Stock markets picked up Wednesday, with US tech giants surging as investor optimism over the reopening of the economy offset worries about the hit from coronavirus shutdowns.
Equities have enjoyed a broad advance for several weeks as virus infection and death rates slow overall, allowing some governments to lift strict stay-at-home measures that have hammered businesses.
But while there was a general feeling the worst is past, increased China-US tensions continue to cast a shadow over trading floors, along with an accumulating mountain of indicators of profound economic weakness.
The World Bank warned the crisis could leave about 60 million people in extreme poverty, and estimated that the global economy might contract by five percent this year.
Federal Reserve minutes showed worries about the lasting damage from COVID-19 on businesses.
Policymakers worried that "even after social-distancing requirements were eased, some business models may no longer be economically viable," especially if consumers decide to "avoid participating in particular forms of economic activity," the minutes said.
Still, investors have shrugged off much of the bad news.
"If recent price action is any guide, stock markets will continue to opt for the positive narratives, even as investors wait for this summer's dire earnings season, expected to be one of the worst on record," said IG chief market analyst Chris Beauchamp.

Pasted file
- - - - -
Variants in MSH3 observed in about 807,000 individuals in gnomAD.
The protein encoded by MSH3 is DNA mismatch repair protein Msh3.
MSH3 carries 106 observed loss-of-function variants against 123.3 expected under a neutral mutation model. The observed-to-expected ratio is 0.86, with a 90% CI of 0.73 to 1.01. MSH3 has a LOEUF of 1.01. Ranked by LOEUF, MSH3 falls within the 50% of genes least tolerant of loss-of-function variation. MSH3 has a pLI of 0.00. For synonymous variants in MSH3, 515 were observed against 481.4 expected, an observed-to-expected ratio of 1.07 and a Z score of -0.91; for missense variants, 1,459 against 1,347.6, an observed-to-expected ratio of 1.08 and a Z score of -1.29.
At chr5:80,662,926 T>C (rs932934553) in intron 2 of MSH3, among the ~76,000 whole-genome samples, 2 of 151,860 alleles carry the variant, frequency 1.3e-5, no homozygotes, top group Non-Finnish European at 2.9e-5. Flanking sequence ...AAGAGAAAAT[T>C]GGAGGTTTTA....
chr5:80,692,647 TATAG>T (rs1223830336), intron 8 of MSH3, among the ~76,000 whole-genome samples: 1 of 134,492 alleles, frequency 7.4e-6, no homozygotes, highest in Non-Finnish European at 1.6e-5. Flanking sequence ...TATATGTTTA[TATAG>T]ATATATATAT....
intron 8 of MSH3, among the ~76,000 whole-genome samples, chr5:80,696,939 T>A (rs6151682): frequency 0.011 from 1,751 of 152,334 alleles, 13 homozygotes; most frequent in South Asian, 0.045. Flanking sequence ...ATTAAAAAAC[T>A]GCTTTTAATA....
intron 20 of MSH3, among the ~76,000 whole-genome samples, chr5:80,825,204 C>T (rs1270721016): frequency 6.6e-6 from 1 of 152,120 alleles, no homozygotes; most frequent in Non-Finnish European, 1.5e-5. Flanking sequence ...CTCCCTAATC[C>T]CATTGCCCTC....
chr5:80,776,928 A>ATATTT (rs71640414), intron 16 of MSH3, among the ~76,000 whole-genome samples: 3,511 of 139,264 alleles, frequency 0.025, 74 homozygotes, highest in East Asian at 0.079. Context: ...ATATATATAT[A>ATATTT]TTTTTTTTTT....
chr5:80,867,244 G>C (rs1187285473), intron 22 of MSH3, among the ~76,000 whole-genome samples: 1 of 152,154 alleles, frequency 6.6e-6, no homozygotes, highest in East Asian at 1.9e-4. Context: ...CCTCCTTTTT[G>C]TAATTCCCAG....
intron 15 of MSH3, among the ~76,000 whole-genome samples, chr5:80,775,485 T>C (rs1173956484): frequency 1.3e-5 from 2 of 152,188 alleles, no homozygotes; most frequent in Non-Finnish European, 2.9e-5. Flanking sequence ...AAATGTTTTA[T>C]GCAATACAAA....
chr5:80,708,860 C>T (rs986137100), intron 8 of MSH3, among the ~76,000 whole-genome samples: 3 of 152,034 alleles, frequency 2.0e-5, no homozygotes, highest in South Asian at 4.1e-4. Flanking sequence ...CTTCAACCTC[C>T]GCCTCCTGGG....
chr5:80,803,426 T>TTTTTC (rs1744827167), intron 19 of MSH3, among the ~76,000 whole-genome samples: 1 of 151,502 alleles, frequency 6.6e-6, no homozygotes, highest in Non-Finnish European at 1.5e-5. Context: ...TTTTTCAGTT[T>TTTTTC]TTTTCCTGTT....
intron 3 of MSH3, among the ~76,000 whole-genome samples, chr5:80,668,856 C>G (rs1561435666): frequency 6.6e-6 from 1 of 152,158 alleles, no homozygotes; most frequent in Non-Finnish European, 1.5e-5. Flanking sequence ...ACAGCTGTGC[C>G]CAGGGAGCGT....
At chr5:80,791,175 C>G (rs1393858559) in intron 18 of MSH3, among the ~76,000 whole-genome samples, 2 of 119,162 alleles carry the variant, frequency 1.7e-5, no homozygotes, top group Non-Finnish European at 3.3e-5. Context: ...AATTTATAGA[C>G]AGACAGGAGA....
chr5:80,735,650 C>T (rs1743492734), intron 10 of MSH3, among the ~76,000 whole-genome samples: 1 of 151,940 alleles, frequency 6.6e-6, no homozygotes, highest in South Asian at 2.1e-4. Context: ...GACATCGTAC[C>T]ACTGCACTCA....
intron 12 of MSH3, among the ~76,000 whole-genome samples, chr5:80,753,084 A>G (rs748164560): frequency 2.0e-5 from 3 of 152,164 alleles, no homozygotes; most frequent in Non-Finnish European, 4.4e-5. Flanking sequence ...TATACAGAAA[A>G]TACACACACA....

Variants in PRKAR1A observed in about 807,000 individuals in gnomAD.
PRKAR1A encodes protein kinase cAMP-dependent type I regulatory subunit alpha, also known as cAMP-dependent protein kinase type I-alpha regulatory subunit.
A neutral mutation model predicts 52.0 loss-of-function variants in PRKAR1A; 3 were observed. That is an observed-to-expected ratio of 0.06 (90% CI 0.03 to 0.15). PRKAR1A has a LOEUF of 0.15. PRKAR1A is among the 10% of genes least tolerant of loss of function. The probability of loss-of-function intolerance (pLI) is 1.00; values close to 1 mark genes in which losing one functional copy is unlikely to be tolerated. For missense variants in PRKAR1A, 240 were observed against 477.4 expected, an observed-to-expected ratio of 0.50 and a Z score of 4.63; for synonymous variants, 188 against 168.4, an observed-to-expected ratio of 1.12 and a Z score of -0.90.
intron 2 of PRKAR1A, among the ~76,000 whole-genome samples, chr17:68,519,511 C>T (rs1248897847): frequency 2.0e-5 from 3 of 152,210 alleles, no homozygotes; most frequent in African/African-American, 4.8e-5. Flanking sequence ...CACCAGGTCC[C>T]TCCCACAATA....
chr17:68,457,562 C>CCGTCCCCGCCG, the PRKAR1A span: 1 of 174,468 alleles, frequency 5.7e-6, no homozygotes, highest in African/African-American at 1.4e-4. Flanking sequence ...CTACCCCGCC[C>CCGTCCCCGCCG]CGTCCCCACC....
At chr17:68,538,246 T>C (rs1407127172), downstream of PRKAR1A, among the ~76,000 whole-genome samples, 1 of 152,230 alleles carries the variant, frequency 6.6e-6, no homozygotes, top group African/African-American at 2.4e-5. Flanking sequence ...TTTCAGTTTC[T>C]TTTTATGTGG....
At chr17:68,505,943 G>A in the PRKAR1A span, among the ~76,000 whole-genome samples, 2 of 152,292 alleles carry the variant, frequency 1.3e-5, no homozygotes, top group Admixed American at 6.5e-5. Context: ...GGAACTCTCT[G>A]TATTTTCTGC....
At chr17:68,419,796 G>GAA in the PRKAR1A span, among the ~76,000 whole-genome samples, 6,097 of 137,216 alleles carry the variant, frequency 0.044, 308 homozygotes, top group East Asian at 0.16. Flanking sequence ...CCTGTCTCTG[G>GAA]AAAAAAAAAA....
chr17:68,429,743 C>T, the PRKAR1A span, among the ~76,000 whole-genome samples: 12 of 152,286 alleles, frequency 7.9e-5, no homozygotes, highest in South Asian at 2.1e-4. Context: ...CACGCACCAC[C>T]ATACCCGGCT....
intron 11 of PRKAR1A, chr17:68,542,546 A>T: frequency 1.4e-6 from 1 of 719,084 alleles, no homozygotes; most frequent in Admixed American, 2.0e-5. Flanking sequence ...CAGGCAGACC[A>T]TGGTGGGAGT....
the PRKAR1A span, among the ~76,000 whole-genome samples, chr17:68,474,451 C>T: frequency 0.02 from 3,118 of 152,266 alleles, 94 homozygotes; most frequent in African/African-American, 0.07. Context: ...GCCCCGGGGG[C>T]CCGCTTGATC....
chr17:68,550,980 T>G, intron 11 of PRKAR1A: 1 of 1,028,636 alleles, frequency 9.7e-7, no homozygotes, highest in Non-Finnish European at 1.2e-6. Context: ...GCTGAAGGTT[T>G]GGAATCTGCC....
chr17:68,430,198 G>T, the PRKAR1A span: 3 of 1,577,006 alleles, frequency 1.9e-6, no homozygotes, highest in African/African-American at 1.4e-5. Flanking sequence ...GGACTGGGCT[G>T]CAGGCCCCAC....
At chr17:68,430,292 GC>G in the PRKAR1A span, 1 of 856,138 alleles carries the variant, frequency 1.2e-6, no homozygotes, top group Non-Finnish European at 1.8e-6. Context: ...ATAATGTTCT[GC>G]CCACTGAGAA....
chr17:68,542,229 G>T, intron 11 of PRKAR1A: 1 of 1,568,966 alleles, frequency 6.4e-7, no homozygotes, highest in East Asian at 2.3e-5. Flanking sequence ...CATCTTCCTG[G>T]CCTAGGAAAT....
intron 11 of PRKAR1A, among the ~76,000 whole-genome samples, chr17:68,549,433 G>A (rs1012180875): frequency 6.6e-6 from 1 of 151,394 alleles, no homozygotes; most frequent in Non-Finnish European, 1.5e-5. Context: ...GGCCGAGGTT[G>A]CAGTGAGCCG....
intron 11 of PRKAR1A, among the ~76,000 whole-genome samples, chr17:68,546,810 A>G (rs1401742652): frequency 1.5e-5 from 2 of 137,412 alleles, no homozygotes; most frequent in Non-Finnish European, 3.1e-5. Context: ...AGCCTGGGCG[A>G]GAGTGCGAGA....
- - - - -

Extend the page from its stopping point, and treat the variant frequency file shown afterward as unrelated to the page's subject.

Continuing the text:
Markets in Europe were mixed earlier in the day, but perked up when New York weighed in.
The Nasdaq led the major indices, finishing 2.1 percent.
Both Amazon and Facebook surged following new program announcements in the last day that pushed their businesses ahead at a time when many consumers are stuck at home because of the coronavirus.
Facebook rocketed 6.0 percent higher after unveiling tools for retailers hit by the pandemic to create online storefronts at the social network and Instagram, while Amazon advanced 2.0 percent as it released the online game Crucible as a potential rival to monster hit Fortnite.
Meanwhile, US retail giant Target reported an 11.3 jump in first quarter sales to $19.6 billion, but also a 64.3 percent drop in profits owing to higher costs that included bonuses to hourly workers and extra cleaning related to the coronavirus pandemic.
Oil prices continued to push higher, as US oil inventories declined in the latest indication that the badly glutted market is rebalancing. US oil futures finished up 4.8 percent at $33.49 per barrel.
- Key figures around 2050 GMT -
New York - Dow: UP 1.5 percent at 24,575.90 (close)
New York - S&P 500: UP 1.7 percent at 2,971.61 (close)
New York - Nasdaq: UP 2.1 percent at 9,375.78 (close)
London - FTSE 100: UP 1.1 percent at 6,067.16 (close)
Frankfurt - DAX 30: UP 1.3 percent at 11,223.71 (close)
Paris - CAC 40: UP 0.9 percent at 4,496.98 (close)
EURO STOXX 50: UP 1.4 percent at 2,942.39 (close)
Tokyo - Nikkei 225: UP 0.8 percent at 20,595.15 (close)
Hong Kong - Hang Seng: UP 0.1 percent at 24,399.95 (close)
Shanghai - Composite: DOWN 0.5 percent at 2,883.74 (close)
Brent North Sea crude: UP 3.2 percent at $35.75 per barrel
West Texas Intermediate: UP 4.8 percent at $33.49 per barrel
Euro/dollar: UP at $1.0983 from $1.0923 at 2100 GMT
Dollar/yen: DOWN at 107.55 yen from 107.71 yen
Pound/dollar: DOWN at $1.2233 from $1.2253
Euro/pound: UP at 89.74 pence from 89.15 pence